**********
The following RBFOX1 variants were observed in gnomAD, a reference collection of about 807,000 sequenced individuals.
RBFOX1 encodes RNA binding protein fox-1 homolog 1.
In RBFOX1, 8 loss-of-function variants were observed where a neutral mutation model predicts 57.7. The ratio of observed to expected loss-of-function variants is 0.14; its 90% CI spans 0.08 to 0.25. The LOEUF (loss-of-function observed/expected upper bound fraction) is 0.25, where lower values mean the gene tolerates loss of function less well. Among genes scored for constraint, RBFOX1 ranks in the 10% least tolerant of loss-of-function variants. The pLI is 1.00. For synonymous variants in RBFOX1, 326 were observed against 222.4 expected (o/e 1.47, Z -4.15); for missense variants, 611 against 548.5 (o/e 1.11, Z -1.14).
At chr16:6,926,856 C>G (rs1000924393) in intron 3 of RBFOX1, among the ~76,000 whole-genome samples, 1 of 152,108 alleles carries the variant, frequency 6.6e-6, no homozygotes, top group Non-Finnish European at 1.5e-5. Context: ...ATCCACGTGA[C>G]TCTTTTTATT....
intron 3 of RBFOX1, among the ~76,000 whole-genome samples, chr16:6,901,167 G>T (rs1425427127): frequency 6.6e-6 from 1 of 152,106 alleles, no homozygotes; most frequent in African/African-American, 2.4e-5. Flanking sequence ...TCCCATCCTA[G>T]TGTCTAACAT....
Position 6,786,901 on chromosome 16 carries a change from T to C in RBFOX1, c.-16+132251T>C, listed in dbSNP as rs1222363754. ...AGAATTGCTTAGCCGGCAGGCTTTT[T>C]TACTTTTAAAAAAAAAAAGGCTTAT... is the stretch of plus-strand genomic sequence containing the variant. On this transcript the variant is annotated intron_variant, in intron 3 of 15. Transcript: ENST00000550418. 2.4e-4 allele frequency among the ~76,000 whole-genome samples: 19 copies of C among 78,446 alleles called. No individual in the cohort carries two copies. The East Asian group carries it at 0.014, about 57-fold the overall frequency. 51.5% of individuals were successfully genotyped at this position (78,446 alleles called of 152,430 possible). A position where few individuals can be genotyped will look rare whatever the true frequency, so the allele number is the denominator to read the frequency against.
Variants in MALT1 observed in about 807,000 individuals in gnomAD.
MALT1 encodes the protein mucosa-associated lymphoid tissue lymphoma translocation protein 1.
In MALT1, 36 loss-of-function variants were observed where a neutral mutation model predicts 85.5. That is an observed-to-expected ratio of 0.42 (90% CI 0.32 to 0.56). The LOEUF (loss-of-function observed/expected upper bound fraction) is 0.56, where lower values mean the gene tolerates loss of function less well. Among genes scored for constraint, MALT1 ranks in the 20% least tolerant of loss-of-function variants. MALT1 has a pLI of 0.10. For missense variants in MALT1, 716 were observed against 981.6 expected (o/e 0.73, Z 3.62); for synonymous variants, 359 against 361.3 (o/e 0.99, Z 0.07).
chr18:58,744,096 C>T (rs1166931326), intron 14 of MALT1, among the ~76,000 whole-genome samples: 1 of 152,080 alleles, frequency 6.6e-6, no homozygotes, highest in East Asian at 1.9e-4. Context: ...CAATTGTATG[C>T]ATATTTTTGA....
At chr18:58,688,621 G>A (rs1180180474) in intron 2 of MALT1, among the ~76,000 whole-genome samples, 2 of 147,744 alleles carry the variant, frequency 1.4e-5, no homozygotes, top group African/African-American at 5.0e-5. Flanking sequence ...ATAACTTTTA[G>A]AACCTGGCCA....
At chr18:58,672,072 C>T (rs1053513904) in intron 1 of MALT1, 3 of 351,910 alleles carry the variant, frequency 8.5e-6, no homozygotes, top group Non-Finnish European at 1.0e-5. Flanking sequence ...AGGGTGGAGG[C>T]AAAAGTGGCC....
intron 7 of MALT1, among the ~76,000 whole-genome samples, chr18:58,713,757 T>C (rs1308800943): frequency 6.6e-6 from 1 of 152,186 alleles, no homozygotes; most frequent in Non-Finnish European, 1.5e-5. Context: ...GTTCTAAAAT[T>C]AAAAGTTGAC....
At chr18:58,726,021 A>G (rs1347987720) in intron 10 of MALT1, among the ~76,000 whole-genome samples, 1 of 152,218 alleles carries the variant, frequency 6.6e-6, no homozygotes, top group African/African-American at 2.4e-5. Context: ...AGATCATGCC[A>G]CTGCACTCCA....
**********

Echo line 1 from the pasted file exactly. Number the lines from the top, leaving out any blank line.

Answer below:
The following RBFOX1 variants were observed in gnomAD, a reference collection of about 807,000 sequenced individuals.